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From |
"Eva Poen" <eva.poen@gmail.com> |

To |
statalist@hsphsun2.harvard.edu |

Subject |
Re: st: High-frequency time-series (stata 10) |

Date |
Wed, 24 Sep 2008 16:55:44 +0100 |

Beatrice, so what you are saying is that you want to treat _simultaneous_ observations as if they occured at different points in time? To me it seems questionable whether this is valid or not. You have a clear ordering of bids and/or asks _between_ timedates, but within? You will have to give Stata an idea of how close the duplicate observations occured to each other, and in which order they occured. For any time series analysis the sequence of events is going to matter a lot (that's the whole point of doing time series analysis). Is it important for you retain the original distance in your new time variable? I.e. does it make a difference to you, conceptually, to know that observation one was five minutes earlier than observation two, and observation two was one minute earlier than observation three? Or is it enough for you to know that observation one came first, observation two came next, and observation three after that? If you want to keep the original time distances intact, I don't see much hope for you. You'd have to introduce time intervals shorter than 5 minutes for your duplicates, but that would mean that you end up with a lot of gaps in your data (because the time unit for your analysis would now be one minute, but most observations are five minutes apart). The only way to retain all data _and_ at the same time avoid creating gaps is to create a hypothetical new time variable which simply reflects the sequence of bids and asks over time, in steps of one. This will make all your observations one time unit apart from the next, and therefore distort the original time dimension. I'm not sure this is what you want. In Stata, this is easy to achieve: you simply sort your data such that they are in order of the true sequence, and then do something like gen newtime = _n Still, the problem persists that you have to know the true sequence, unless all bids and asks at a specific timedate are identical. If you don't have a clue about the true sequence, and your (simultaneous) bids and asks are not identical, you could do random draws such that only one of the duplicates ends up in the analysis. If you do the -tsset- after the random draw, Stata should not complain about repeated time values. Hope this helps, Eva 2008/9/24 Beatrice Crozza <beatrice.crozza@gmail.com>: > Dear All, > > I know that with Stata 10 all time-series analysis commands now > support data with frequencies as high as 1 millisecond. > > I would like to treat my dataset as a time-series,I have > high-frequency data(5-minute intervals) and a variable (timedate) that > is composed of the time and the date for each bid and ask. My problem > is that I have duplicate data, because for each timedate there could > be more than one bid and more than one ask, so Stata gave me this > error message: > > . tsset timedate, delta(5 minute) > repeated time values in sample > r(451); > > I need to treat my date as a time-series to do an AR analysis for bids > and asks through time. > I am thinking to assign a number ( in sequential order) to each > timedate and than to use the command tsset with this new variable. > > Do you think that this procedure is right to achieve my goal? > > Do you have any idea on how to assign a sequential number to each bid > and ask, without using Excel? > > Thank you very much in advance. > > Best, > Bea * * For searches and help try: * http://www.stata.com/help.cgi?search * http://www.stata.com/support/statalist/faq * http://www.ats.ucla.edu/stat/stata/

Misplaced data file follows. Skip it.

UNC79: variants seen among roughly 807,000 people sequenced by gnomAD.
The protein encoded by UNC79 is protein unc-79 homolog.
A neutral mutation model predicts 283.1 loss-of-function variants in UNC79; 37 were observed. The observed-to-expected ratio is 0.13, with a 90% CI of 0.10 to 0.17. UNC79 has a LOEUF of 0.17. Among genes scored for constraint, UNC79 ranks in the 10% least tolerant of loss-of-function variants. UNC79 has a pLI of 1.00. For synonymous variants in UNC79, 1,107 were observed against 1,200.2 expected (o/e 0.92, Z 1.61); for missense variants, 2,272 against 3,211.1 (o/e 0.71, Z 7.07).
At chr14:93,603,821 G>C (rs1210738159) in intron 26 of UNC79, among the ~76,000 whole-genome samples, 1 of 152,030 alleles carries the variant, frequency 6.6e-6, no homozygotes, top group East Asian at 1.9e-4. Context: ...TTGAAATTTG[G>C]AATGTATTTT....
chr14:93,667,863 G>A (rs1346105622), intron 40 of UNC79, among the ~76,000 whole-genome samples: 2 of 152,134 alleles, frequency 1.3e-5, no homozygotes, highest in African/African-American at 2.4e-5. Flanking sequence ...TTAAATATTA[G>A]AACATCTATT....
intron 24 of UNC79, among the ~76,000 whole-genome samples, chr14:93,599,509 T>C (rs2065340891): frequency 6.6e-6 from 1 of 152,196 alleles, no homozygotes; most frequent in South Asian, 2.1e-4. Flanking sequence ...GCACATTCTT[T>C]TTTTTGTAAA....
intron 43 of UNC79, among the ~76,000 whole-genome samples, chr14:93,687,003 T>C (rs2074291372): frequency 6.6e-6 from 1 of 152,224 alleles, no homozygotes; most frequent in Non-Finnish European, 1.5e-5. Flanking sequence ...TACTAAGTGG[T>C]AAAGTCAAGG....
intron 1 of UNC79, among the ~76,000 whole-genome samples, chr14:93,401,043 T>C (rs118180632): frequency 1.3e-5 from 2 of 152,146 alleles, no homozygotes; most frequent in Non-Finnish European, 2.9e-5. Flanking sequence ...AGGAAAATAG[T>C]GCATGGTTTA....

**References**:**st: High-frequency time-series (stata 10)***From:*"Beatrice Crozza" <beatrice.crozza@gmail.com>

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